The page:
LOOK: Plastic Made From Corn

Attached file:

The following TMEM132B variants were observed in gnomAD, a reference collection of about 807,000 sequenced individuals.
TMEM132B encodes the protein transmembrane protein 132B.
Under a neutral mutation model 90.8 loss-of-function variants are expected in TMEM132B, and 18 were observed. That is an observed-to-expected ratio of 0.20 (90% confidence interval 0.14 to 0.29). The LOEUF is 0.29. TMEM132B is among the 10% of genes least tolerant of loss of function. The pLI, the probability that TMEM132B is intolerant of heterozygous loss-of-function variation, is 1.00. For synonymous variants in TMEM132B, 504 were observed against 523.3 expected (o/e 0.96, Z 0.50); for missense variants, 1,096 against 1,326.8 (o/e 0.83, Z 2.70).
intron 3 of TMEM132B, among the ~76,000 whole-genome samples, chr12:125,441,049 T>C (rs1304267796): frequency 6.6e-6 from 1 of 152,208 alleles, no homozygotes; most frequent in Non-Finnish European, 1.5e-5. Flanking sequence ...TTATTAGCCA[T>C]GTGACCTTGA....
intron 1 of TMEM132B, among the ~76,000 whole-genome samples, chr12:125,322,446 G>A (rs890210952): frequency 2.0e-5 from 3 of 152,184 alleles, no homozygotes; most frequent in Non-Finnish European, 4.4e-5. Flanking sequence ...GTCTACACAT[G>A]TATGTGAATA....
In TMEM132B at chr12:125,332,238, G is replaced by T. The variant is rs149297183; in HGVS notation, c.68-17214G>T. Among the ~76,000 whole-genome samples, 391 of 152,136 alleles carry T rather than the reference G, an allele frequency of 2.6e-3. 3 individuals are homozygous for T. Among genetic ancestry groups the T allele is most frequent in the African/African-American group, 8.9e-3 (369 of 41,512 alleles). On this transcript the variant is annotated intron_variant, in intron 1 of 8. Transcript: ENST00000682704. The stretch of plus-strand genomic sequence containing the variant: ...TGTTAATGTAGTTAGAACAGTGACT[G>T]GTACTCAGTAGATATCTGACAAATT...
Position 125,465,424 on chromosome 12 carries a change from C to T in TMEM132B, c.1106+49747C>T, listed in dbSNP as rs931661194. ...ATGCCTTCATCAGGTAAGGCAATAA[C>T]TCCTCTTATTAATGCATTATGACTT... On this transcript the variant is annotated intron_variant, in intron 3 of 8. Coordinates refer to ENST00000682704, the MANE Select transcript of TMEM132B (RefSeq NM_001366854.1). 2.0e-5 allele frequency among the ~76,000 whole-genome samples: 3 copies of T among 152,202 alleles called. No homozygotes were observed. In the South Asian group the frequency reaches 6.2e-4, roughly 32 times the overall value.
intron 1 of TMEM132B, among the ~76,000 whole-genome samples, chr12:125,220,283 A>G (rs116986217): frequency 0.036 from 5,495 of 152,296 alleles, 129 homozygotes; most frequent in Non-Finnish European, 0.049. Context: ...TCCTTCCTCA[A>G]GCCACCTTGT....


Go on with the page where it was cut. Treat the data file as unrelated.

In the 19th century, kerosene-the fuel that lit the lamps of the world-was made from whale oil. But whales were becoming harder and harder come by, presaging a tenuous future for the world's kerosene lamps. Fortuitously, a geologist named Abraham Gesner invented a way to distill kerosene from petroleum, which most people considered a useless, if abundant, substance. Today, we make most of our plastics from petroleum byproducts, and, in an interesting reversal, that resource is now in short supply. We are faced with a choice: either give up plastics altogether or find a different way to make them. Enter Ingeo, a plastic that is made from plants.You may have already encountered an Ingeo product while using, say, a bottle of Method dish soap or many of the plastic products available at WalMart, but the innovative material will become more ubiquitous shortly, as Frito-Lay has decided to use it in the packaging of SunChips bags, which will be completely compostable by Earth Day in 2010. Ingeo is made by a company called NatureWorks, founded in 2001 by Cargill and Teijin, to find ways to make plant-based plastics. The process involves fermenting plants, which creates lactic acid-it's a key ingredient in yogurt-which goes through a polymerization process to become Ingeo plastic. The plastic itself can be recycled or even, in the right conditions, composted, and can be made from nearly any plant. Right now in the United States, it's made from corn, but that's just because corn is what's available."It's whatever would be in abundance in the local economy," says Steve Davies, NatureWorks's director of communications and public affairs. "And longer term, we're looking at ... the stalk of the corn plant," a solution which would remove the conflict of interest in making a plastic from a plant that could also be used food.At the moment, Ingeo plastic, as with many sustainable products, is more expensive than conventional plastic. But last summer, when oil prices skyrocketed, the prices were almost equal. In the likely case that oil prices rise again, or if we reach a point where oil-like the whales of the 19th century-is about to run out, we wont have to rethink our entire lives: there will be plant-based plastic to fill the void.Photo courtesy of Natureworks.